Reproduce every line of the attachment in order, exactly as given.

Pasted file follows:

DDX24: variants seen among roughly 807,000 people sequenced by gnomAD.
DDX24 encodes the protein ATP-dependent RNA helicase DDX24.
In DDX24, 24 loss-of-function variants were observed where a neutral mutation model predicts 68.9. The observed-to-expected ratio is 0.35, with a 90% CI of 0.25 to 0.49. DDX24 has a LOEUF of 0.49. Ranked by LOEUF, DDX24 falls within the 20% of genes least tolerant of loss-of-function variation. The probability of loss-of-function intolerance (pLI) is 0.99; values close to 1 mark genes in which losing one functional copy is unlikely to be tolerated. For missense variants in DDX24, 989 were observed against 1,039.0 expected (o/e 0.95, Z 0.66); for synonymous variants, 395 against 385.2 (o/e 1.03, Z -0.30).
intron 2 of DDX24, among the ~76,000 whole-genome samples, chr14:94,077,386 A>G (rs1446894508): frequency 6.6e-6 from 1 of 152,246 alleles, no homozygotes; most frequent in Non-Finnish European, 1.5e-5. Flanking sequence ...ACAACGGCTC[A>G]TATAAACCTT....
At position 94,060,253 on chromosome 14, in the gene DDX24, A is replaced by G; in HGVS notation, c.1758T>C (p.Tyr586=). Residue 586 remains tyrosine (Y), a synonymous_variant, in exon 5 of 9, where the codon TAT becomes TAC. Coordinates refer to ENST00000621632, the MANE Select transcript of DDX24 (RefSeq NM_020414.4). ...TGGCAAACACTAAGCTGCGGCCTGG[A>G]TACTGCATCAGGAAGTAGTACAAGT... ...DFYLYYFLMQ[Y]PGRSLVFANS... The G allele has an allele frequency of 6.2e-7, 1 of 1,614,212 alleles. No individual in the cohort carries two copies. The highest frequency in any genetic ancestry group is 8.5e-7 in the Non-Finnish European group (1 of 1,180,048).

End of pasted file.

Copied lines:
DDX24: variants seen among roughly 807,000 people sequenced by gnomAD.
DDX24 encodes the protein ATP-dependent RNA helicase DDX24.
In DDX24, 24 loss-of-function variants were observed where a neutral mutation model predicts 68.9. The observed-to-expected ratio is 0.35, with a 90% CI of 0.25 to 0.49. DDX24 has a LOEUF of 0.49. Ranked by LOEUF, DDX24 falls within the 20% of genes least tolerant of loss-of-function variation. The probability of loss-of-function intolerance (pLI) is 0.99; values close to 1 mark genes in which losing one functional copy is unlikely to be tolerated. For missense variants in DDX24, 989 were observed against 1,039.0 expected (o/e 0.95, Z 0.66); for synonymous variants, 395 against 385.2 (o/e 1.03, Z -0.30).
intron 2 of DDX24, among the ~76,000 whole-genome samples, chr14:94,077,386 A>G (rs1446894508): frequency 6.6e-6 from 1 of 152,246 alleles, no homozygotes; most frequent in Non-Finnish European, 1.5e-5. Flanking sequence ...ACAACGGCTC[A>G]TATAAACCTT....
At position 94,060,253 on chromosome 14, in the gene DDX24, A is replaced by G; in HGVS notation, c.1758T>C (p.Tyr586=). Residue 586 remains tyrosine (Y), a synonymous_variant, in exon 5 of 9, where the codon TAT becomes TAC. Coordinates refer to ENST00000621632, the MANE Select transcript of DDX24 (RefSeq NM_020414.4). ...TGGCAAACACTAAGCTGCGGCCTGG[A>G]TACTGCATCAGGAAGTAGTACAAGT... ...DFYLYYFLMQ[Y]PGRSLVFANS... The G allele has an allele frequency of 6.2e-7, 1 of 1,614,212 alleles. No individual in the cohort carries two copies. The highest frequency in any genetic ancestry group is 8.5e-7 in the Non-Finnish European group (1 of 1,180,048).